Rovio built an empire out of a silly little physics-based game called Angry Birds. 1.5 billion downloads later, the company is thriving as an entertainment and merchandising brand thanks to licensing deals and distribution strategy, as well as a solid game.
Today, however, Andrew Stalbow, who was the man in charge of partnerships, licensing, animation and distribution at Rovio, alongside Petri Jarvilehto, Rovio’s former EVP of Games, has announced a new venture called Seriously. Seriously.
The Rovio magic remains in tact, as Seriously is aiming to use mobile gaming as a platform for entertainment franchises, though the new company is keeping mum about what these games will look like.
“We’ve got some excellent ideas we’re beginning to put into development, so we should have a game out by next year,” said Stalbow.
But the games themselves aren’t the important part. Though Seriously has a lot to live up to with the instant success of Angry Birds at Rovio, the company sees a greater challenge in taking on the same distribution and marketing strategy as Rovio.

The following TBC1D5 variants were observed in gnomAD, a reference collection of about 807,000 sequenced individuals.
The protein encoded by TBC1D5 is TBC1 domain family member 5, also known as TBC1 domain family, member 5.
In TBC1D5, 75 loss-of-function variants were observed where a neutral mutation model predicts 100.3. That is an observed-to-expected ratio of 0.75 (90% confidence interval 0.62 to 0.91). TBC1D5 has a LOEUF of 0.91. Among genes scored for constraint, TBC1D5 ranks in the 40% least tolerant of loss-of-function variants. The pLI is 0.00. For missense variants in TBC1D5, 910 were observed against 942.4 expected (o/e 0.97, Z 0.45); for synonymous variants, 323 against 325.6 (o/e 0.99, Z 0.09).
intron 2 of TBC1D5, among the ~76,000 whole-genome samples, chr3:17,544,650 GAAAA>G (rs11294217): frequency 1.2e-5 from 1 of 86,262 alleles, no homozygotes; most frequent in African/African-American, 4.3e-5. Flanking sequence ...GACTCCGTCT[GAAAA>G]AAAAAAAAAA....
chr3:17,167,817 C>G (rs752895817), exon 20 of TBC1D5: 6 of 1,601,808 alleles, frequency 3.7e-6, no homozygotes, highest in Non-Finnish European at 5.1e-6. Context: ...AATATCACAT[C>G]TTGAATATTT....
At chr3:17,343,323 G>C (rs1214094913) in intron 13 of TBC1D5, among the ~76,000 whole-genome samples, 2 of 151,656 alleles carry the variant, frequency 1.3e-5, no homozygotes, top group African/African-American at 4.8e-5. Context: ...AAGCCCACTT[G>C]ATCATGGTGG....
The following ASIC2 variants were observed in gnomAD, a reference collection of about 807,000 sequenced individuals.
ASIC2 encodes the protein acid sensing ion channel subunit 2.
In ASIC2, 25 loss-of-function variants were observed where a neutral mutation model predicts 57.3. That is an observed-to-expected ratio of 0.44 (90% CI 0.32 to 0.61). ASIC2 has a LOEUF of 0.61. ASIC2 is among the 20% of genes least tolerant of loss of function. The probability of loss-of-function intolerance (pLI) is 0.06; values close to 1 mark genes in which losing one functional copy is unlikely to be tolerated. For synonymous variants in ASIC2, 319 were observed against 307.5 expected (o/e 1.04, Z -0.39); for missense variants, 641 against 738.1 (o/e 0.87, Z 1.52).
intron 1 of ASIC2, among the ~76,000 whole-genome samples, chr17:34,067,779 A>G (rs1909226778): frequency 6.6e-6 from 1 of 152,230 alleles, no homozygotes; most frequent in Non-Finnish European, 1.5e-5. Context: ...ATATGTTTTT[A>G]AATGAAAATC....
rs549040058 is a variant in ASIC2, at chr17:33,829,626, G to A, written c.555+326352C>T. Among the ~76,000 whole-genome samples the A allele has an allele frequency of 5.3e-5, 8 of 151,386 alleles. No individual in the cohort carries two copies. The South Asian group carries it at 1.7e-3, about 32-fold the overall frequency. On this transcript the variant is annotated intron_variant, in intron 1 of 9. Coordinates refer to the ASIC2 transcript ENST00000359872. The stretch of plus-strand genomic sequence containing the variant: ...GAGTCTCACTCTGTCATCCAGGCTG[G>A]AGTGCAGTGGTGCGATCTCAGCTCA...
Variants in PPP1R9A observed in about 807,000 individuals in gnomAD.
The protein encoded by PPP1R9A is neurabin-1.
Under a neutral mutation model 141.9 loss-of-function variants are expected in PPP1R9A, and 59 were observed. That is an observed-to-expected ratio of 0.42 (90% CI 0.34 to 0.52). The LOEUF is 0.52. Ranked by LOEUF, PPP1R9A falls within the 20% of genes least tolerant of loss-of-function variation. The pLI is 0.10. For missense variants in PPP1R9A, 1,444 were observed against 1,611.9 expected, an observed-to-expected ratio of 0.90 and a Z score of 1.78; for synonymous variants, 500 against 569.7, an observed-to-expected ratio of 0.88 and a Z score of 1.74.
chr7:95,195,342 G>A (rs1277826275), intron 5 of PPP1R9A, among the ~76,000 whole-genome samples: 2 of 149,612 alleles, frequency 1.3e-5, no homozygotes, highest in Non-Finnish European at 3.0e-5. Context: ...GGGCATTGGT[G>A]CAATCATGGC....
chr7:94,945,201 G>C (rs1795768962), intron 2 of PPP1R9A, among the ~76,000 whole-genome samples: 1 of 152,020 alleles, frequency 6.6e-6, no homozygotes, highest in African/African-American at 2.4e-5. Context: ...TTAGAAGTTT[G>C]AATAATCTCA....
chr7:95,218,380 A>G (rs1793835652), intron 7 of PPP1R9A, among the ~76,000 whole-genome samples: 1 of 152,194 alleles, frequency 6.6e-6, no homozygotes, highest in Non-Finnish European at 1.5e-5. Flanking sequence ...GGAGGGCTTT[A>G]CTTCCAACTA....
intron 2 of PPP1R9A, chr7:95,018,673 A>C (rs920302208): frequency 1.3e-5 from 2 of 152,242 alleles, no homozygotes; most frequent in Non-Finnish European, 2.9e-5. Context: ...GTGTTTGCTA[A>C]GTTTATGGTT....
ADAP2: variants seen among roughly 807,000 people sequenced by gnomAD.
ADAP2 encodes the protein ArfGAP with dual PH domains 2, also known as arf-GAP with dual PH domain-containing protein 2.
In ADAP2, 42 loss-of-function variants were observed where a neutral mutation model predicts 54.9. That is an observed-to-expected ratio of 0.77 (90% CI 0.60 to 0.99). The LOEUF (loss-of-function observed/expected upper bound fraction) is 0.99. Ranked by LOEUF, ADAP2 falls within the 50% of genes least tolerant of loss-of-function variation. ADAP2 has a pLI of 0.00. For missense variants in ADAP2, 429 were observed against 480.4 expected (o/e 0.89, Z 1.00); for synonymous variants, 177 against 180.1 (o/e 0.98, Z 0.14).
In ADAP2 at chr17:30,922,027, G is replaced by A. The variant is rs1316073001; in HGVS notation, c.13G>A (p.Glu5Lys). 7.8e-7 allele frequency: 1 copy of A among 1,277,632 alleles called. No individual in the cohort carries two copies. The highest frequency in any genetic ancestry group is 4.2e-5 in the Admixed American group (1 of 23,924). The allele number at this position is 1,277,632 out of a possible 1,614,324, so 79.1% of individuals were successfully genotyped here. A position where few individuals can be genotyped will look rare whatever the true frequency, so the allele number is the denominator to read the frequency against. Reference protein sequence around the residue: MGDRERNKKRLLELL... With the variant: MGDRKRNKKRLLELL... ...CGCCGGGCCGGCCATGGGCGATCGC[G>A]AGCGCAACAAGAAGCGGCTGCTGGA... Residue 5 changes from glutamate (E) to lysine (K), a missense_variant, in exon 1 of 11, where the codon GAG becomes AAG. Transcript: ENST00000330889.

“One of the most amazing experiences at Rovio was taking intellectual property and developing on top of it, or against it, like the launch of Angry Birds Star Wars for example,” said Stalbow. “Our experience in partnering up with different companies around the world has helped us understand integrating our own stuff into existing IP.”
Seriously will have two branches, one in Los Angeles dedicated to business developing and marketing, and the other in Finland where the games will be developed.
The major difference between Seriously and Rovio is that Seriously is taking a hard line on free to play mobile games, and banking everything on the entertainment experience that follows, whether it be merchandise, movies, TV series’, etc.
So far, founders Stalbow and Jarvilehto have seeded some of their own money into the investment, and begin shopping for institutional investment today.